Re: The Copy Paradox

Nick Bostrom (
Sat, 15 Nov 1997 01:04:55 +0000

Lee Daniel Crocker wrote:

> >>> Absolutely, but "you" are not a few hundred pounds of protoplasm,
> >>> you are the way matter reacts when it is organized in a specific
> >>> complex way. You are not a noun, you are an adjective.
> >>
> >> I'd say I'm a verb.
> >
> > You are both making category mistakes here. The sort of things that
> > are verbs or adjectives or nouns are words and perhaps concepts. But
> > human beings are not words or concepts, although there are words that
> > denote human beings and at least one concept of human being. To say
> > that you are a verb is to imply that you are not alive, because
> > neither words nor concepts are living things.

> I think the distinction he was trying to make is not that of
> "noun/verb" but of "medium/message" or "substrate/pattern", which
> is a useful one.

Sure, it's just that as a philosopher I am allergic to signs of
conceptual confusion.

> Noun/verb/adjective is an artificial distinction
> based on conventions of language (natural languages, that is;
> Lojban has no such concept), but "hardware/software" is a real,
> fundamental distinction. Most of the talk here about identity is
> just arguing definitions for the natural-language "I", and there
> are two axes of argument: one, does it refer to hardware or to
> software (to which I think most here will agree upon the latter),
> and the second axis, does "I" refer to the particular instantiation
> of the pattern (in Lojban "le sevzi") or to the abstraction of the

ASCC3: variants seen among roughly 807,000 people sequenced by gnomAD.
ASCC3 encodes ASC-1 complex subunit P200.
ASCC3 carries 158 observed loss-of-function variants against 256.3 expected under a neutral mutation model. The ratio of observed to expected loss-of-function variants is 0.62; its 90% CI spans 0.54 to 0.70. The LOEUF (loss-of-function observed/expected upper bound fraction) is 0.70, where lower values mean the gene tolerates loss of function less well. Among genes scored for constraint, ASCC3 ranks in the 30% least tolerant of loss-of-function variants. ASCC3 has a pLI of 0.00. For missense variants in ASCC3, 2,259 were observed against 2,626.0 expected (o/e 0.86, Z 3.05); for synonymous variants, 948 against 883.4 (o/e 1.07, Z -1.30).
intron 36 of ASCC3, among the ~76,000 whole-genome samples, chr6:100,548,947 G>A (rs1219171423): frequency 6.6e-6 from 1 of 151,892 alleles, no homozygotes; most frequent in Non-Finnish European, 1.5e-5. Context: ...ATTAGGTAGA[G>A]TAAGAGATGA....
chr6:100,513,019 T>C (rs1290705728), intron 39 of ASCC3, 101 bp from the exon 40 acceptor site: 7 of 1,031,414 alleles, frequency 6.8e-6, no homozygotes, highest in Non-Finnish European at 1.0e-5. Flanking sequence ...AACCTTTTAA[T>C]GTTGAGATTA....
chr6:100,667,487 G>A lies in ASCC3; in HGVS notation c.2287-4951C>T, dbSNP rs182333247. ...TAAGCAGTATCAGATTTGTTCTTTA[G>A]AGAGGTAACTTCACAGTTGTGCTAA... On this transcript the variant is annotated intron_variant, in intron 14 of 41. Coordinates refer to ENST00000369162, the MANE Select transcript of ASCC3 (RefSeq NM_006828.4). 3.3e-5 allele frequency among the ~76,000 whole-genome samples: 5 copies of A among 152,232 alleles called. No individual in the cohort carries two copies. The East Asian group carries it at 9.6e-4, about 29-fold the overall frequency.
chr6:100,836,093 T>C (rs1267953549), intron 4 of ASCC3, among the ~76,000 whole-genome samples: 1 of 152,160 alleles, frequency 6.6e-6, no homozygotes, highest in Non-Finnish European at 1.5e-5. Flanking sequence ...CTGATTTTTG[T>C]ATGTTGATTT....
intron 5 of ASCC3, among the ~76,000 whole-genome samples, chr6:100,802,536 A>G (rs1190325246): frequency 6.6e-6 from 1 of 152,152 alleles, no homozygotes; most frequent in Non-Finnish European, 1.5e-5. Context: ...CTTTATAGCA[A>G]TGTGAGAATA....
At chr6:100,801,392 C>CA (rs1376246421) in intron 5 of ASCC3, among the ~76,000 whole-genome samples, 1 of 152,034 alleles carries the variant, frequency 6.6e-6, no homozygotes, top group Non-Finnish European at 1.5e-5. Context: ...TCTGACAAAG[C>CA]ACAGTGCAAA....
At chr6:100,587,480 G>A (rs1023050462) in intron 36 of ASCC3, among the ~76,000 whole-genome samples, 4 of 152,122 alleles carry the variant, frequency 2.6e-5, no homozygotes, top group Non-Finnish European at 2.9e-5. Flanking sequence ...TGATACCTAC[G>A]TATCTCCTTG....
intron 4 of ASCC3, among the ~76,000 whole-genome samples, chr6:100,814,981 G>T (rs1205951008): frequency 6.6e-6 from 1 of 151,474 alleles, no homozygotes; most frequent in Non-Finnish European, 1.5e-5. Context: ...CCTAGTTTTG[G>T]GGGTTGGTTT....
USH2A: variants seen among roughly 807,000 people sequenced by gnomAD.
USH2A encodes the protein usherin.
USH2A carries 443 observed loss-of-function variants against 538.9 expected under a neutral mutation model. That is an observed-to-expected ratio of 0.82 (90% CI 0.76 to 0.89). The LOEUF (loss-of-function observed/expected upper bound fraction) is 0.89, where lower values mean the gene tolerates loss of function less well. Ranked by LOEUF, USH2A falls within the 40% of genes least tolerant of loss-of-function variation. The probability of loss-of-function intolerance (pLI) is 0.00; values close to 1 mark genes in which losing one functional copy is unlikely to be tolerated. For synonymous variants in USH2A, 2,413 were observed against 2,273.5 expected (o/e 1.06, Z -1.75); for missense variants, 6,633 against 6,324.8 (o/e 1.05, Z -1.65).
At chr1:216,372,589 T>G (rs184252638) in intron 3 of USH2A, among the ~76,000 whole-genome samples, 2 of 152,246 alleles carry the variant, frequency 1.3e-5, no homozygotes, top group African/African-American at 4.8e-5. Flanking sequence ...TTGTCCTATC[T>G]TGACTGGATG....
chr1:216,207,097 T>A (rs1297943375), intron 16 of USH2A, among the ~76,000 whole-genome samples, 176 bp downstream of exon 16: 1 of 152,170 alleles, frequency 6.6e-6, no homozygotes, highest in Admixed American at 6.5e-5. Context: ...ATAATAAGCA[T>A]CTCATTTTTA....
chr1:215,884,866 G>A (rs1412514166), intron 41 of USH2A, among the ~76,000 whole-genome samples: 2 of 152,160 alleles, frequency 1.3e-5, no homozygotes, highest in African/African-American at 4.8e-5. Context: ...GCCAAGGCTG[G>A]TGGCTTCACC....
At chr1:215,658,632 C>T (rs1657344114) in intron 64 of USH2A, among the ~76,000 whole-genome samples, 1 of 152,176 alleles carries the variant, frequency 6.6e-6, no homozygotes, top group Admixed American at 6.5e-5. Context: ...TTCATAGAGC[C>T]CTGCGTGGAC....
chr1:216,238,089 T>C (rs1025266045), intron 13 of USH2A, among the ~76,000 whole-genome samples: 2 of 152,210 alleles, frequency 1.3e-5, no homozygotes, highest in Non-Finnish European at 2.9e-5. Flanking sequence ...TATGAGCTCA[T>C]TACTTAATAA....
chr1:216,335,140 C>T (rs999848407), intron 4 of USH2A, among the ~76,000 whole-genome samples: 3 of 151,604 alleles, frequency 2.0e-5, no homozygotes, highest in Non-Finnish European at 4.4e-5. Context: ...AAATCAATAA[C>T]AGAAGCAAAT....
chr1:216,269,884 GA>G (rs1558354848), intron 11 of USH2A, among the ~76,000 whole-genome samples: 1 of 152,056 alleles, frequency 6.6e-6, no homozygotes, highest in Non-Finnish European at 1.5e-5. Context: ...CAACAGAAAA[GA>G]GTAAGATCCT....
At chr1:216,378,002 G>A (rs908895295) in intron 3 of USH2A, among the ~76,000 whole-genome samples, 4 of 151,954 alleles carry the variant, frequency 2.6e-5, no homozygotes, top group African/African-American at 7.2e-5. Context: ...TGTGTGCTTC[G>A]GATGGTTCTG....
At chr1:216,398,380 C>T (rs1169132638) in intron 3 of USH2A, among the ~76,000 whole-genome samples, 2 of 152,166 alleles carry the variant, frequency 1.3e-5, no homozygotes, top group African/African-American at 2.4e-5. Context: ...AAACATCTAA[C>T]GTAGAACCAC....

> pattern independent of particular instances ("le ka sevzi"). The
> answer to that is again just a matter of language convention, not
> the subject of rational debate.

That is controversial claim (which I personally happen to be
somewhat sympathetic towards). It is controversial because to many
people it seems as if the concept "I" is not arbitrary; even though
one may be hard put to define necessary and sufficient criteria for
personal identity, it seems that the notion has important relations
to values that are not shared by other notions we could form. That
is to say: if we stipulate that the word "I#1" should mean this
thing, and "I#2" should mean that, then there still seems to be some
thinking to be done about whether one would be willing to upload in
circumstances where identity is concerved in sense #1, but not in
sense #2, etc.

[Derek Parfit's "Reasons and Persons" (1984) is an important
philosophy book about the problem of personal identity. Max's PhD
dissertation (on his web page) is also on this topic. I haven't read
it yet but plan to do so when I get time.]

Nick Bostrom